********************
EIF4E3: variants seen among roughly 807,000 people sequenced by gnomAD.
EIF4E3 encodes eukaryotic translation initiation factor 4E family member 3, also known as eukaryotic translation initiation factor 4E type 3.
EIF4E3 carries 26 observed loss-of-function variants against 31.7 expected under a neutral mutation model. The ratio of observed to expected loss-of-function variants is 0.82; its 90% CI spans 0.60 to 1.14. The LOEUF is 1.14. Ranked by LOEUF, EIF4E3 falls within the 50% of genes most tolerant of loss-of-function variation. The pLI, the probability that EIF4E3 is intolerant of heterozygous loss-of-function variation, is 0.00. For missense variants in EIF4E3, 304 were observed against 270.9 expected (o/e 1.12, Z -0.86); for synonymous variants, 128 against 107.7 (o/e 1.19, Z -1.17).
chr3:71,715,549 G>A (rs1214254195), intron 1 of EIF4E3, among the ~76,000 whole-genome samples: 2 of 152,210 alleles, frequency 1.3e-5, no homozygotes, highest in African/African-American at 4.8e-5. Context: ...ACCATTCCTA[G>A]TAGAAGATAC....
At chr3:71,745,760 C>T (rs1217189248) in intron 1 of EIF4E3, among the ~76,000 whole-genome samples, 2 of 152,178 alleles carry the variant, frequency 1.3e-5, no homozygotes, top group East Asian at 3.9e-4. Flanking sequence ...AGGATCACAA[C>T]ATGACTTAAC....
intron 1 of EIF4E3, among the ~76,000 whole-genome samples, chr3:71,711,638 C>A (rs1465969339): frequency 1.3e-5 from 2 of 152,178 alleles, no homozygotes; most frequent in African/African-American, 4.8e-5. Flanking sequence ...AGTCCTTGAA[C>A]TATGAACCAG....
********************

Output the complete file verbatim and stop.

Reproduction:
EIF4E3: variants seen among roughly 807,000 people sequenced by gnomAD.
EIF4E3 encodes eukaryotic translation initiation factor 4E family member 3, also known as eukaryotic translation initiation factor 4E type 3.
EIF4E3 carries 26 observed loss-of-function variants against 31.7 expected under a neutral mutation model. The ratio of observed to expected loss-of-function variants is 0.82; its 90% CI spans 0.60 to 1.14. The LOEUF is 1.14. Ranked by LOEUF, EIF4E3 falls within the 50% of genes most tolerant of loss-of-function variation. The pLI, the probability that EIF4E3 is intolerant of heterozygous loss-of-function variation, is 0.00. For missense variants in EIF4E3, 304 were observed against 270.9 expected (o/e 1.12, Z -0.86); for synonymous variants, 128 against 107.7 (o/e 1.19, Z -1.17).
chr3:71,715,549 G>A (rs1214254195), intron 1 of EIF4E3, among the ~76,000 whole-genome samples: 2 of 152,210 alleles, frequency 1.3e-5, no homozygotes, highest in African/African-American at 4.8e-5. Context: ...ACCATTCCTA[G>A]TAGAAGATAC....
At chr3:71,745,760 C>T (rs1217189248) in intron 1 of EIF4E3, among the ~76,000 whole-genome samples, 2 of 152,178 alleles carry the variant, frequency 1.3e-5, no homozygotes, top group East Asian at 3.9e-4. Flanking sequence ...AGGATCACAA[C>T]ATGACTTAAC....
intron 1 of EIF4E3, among the ~76,000 whole-genome samples, chr3:71,711,638 C>A (rs1465969339): frequency 1.3e-5 from 2 of 152,178 alleles, no homozygotes; most frequent in African/African-American, 4.8e-5. Flanking sequence ...AGTCCTTGAA[C>A]TATGAACCAG....